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Tuesday
May312011

Sponsored Post: Animoto, deviantART, Hadapt, Clustrix, Percona, Mathworks, AppDynamics, ScaleOut, Cloudkick, Membase, CloudSigma, ManageEngine, Site24x7

Who's Hiring?

  • Animoto is building a Systems (DevOps) Team. Please apply here
  • Clustrix Inc. - Learn more about Clustrix's interpretation of NewSQL. Please apply here.
  • deviantART is looking for Network and Systems Operations Engineer. Please apply here.
  • Hadapt brings high-performance SQL to Hadoop, and is looking for a systems engineer to join this fast-growing company. Please apply at http://www.hadapt.com/jobs.
  • MathWorks Looking for Multiple, Full-time Scaling Experts. Apply now: http://matlab.my/lVmunb 

Fun and Informative Events

  • Percona is running an intensive one-day MySQL conference in New York City on May 26th.  High Scalability readers save $50 with the code PLNY-HiSc. Learn more and register at percona.com/live/.
  • CouchDB Developer Training coming to Washington, D.C., Portland, San Francisco and Chicago! Membase Server Ops Training coming to New York City and San Francisco!

Cool Products and Services

For a longer description of each sponsor, please read more below...

Click to read more ...

Friday
May272011

Stuff The Internet Says On Scalability For May 27, 2011

Submitted for your scaling pleasure: 

Read much more of Stuff the Internet Says by clicking the down below...

Click to read more ...

Wednesday
May252011

Stuff to Watch from Surge 2010

Surge is a conference put on by OmniTI targeting practical Scalability matters. OmniTI specializes in helping people solve their scalability problems, as is only natural, as it was founded by Theo Schlossnagle, author of the canonical Scalable Internet Architectures

Now that Surge 2011 is on the horizon, they've generously made available nearly all the videos from the Surge 2010 conference.  A pattern hopefully every conference will follow (only don't wait a year please). We lose a lot of collective wisdom from events not being available online in a timely manner.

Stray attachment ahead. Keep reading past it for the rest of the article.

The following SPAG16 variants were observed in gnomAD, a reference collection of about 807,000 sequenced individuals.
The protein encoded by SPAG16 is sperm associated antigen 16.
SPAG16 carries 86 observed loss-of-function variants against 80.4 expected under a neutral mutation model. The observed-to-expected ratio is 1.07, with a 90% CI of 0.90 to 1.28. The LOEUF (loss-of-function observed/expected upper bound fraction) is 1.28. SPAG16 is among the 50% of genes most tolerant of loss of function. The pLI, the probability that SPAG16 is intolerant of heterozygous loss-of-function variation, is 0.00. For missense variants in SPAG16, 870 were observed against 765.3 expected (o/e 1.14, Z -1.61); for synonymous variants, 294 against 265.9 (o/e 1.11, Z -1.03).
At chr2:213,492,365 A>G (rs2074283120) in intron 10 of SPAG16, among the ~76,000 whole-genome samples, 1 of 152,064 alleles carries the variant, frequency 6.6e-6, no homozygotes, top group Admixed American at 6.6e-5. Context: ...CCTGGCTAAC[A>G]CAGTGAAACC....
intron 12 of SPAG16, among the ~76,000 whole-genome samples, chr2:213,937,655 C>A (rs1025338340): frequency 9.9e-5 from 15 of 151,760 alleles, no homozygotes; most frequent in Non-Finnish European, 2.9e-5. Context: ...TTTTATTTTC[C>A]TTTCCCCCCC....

In truth, nearly all the talks are on topic and are worth watching, but here are a few that seem especially relevant:

Click to read more ...

Monday
May232011

Evernote Architecture - 9 Million Users and 150 Million Requests a Day

The folks at Evernote were kind enough to write up an overview of their architecture in a post titled Architectural Digest. Dave Engberg describes their approach to networking, sharding, user storage, search, and some other custom services.

Evernote is a cool application, partially realizing Vannevar Bush's amazing vision of a memex. Wikipedia describes Evernote's features succinctly: 

Evernote is a suite of software and services designed for notetaking and archiving. A "note" can be a piece of formattable text, a full webpage or webpage excerpt, a photograph, a voice memo, or a handwritten "ink" note. Notes can also have file attachments. Notes can then be sorted into folders, tagged, annotated, edited, given comments, and searched. Evernote supports a number of operating system platforms (including Android, Mac OS X, iOS, Microsoft Windows and WebOS), and also offers online synchronization and backup services.

Key here is that Evernote stores a lot of data, that must be searched, and synced through their cloud to any device you use. 

Another key is the effect of Evernote's business model and cost structure. Evernote is notable for their pioneering of the freemium model, based on the idea from their CEO: The easiest way to get 1 million people paying is to get 1 billion people using. Evernote is designed to become profitable at a 1% conversion rate. The free online service limits users to a hefty 60 MB/month while premium users pay $45 per year for 1,000 MB/month. To be profitable they most store a lot of data without spending a lot of money. There's not a lot of room for extras, which accounts for the simple practicality of their architecture. 

The article is short and succinct, so definitely read it for details. Some takeaways:  

Click to read more ...

Friday
May202011

Stuff The Internet Says On Scalability For May 20, 2011

Submitted for your reading pleasure on this beautiful morning: 

 

  • Group Decision Making in Honey Bee Swarms. In distributed computing systems nodes reach a quorum when deciding what to do as a group. It turns out bees also use quorum logic when deciding on where to nest! Bees do it a bit differently of course:  A scout bee votes for a site by spending time at it, somehow the scouts act and interact so that their numbers rise faster at superior sites, and somehow the bees at each site monitor their numbers there so that they know whether they've reached the threshold number (quorum) and can proceed to initiating the swarm's move to this site. Ants use similar mechanisms to control foraging. Distributed systems may share common mechanisms based on their nature as being a distributed system,  the components may not matter that much.